The seroprevalence of infection with the parasite Toxoplasma gondii and the association with risk factors has not been determined in inmates. Through a case-control study, 166 inmates from a state correctional facility in Durango City, Mexico and 166 age- and gender-matched non-incarcerated subjects were examined for the presence of anti-T. gondii IgG and IgM antibodies using enzyme-linked immunoassays.


Seroprevalence of anti-T. gondii IgG antibodies was higher in inmates (35, 21.1%) than in controls (14, 8.4%) (OR = 2.90; 95% CI: 1.43–5.94; P = 0.001). Anti-T. gondii IgM antibodies were detected in two (1.2%) inmates and in seven (4.2%) controls (P = 0.17). Multivariate analysis of socio-demographic, incarceration, and behavioral characteristics of inmates revealed that T. gondii seropositivity was associated with being born out of Durango State (OR = 3.91; 95% CI: 1.29–11.79; P = 0.01). In addition, T. gondii seroprevalence was higher (P = 0.03) in inmates that had suffered from injuries (17/56: 30.4%) than those without such history (18/110: 16.4%).


The seroprevalence of T. gondii infection in inmates in Durango City is higher than the seroprevalences found in the general population in the same city, indicating that inmates may represent a new risk group for T. gondii infection. Further research on T. gondii infection in inmates is needed.

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Miscarriage history and Toxoplasma gondii infection: A cross-sectional study in women in Durango City, Mexico
Authors: Cosme Alvarado-Esquivel, S. J. Pacheco-Vega, J. Hernández-Tinoco, M. M. Centeno-Tinoco, I. Beristain-García, L. F. Sánchez-Anguiano, O. Liesenfeld, E. Rábago-Sánchez and L. O. Berumen-Segovia


Through a cross-sectional study design, 326 women with a history of miscarriage were examined for anti-Toxoplasma gondii IgG and IgM antibodies in Durango City, Mexico. Prevalence association with sociodemographic, clinical, and behavioral characteristics in women with miscarriage was also investigated.

Twenty-two (6.7%) of the 326 women studied had anti-T. gondii IgG antibodies and two (0.6%) were also positive for anti-T. gondii IgM antibodies. Seroprevalence of T. gondii infection was not influenced by age, birth place, occupation, educational level, or socioeconomic status. In contrast, logistic regression showed that T. gondii exposure was associated with consumption of raw or undercooked meat (OR = 6.84; 95% CI: 1.04–44.95; P = 0.04) and consumption of chicken brains (OR = 18.48; 95% CI: 1.26–269.43; P = 0.03).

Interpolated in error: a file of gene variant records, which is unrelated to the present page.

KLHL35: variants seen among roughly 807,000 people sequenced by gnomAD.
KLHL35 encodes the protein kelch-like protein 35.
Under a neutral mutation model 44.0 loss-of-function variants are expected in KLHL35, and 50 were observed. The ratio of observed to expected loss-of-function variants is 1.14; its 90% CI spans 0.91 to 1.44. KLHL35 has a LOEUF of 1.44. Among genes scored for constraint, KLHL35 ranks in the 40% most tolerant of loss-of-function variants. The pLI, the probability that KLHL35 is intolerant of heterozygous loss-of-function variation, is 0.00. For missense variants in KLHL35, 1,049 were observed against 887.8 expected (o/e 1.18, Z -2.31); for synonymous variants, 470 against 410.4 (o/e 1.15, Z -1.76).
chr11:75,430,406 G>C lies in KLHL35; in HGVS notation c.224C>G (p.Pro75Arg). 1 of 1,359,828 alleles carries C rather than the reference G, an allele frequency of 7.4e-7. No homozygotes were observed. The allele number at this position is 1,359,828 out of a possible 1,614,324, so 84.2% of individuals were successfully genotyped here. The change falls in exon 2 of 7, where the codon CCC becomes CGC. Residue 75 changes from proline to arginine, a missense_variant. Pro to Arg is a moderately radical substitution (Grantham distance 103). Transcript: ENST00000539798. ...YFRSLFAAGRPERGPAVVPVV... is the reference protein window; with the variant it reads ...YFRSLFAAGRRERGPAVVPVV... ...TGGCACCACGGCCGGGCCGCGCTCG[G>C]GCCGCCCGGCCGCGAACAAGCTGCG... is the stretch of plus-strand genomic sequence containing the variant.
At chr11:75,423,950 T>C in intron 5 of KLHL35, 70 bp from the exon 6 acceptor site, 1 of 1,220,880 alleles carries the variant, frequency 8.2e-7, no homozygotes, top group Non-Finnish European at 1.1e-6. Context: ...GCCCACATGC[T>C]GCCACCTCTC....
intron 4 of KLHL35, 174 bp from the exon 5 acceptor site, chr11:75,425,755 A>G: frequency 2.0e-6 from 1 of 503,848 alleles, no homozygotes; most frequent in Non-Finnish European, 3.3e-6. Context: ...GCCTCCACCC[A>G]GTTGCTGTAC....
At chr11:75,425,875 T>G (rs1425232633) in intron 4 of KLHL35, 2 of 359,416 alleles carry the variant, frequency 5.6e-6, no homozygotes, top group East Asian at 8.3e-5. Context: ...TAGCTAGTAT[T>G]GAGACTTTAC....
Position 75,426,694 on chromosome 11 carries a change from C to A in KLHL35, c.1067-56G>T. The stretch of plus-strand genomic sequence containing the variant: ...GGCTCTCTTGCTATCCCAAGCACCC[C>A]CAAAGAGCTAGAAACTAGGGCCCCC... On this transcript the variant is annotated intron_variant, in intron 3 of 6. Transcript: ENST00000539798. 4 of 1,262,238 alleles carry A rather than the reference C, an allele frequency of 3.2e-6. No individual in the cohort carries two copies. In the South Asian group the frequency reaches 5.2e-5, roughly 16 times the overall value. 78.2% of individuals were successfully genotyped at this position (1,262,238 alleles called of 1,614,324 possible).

This is the first study on the seroepidemiology of T. gondii infection in women with a history of miscarriage in Northern Mexico. Of interest, we also observed an association of T. gondii exposure with consumption of chicken brains. Contributing factors for T. gondii exposure found in the present study should be taken into consideration for public health measures to avoid infection with T. gondii and its sequelae.

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Liquid and dry swabs for culture- and PCR-based detection of colonization with methicillin-resistant Staphylococcus aureus during admission screening
Authors: N. von Allmen, K. Gorzelniak, O. Liesenfeld, M. Njoya, J. Duncan, E. M. Marlowe, T. Hartel, A. Knaust, B. Hoppe and M. Walter

Rapid detection of methicillin-resistant Staphylococcus aureus (MRSA) colonization status facilitates isolation and decolonization and reduces MRSA infections. Liquid but not dry swabs allow fully automated detection methods. However, the accuracy of culture and polymerase chain reaction (PCR) using liquid and dry swabs has not been analyzed. We compared different swab collection systems for routine nasal–throat MRSA screening in patients admitted to a tertiary care trauma center in Germany. Over 3 consecutive months, dry swabs (month 1), ESwabs (month 2), or MSwabs (month 3) were processed using Cepheid GeneXpert, Roche cobas and BD-MAX™ MRSA tests compared to chromogenic culture. Among 1680 subjects, the MRSA detection rate using PCR methods did not differ significantly between dry swabs, ESwab, and MSwab (6.0%, 6.2%, and 5.3%, respectively). Detection rates using chromogenic culture were 2.9%, 3.9%, and 1.9%, using dry, ESwab, and MSwab, respectively. Using chromogenic culture as the “gold standard”, negative predictive values for the PCR tests ranged from 99.2–100%, and positive predictive values from 33.3–54.8%. Thus, efficient and accurate MRSA screening can be achieved using dry, as well as liquid E- or MSwab, collection systems. Specimen collection using ESwab or MSwab facilitates efficient processing for chromogenic culture in full laboratory automation while also allowing molecular testing in automated PCR systems.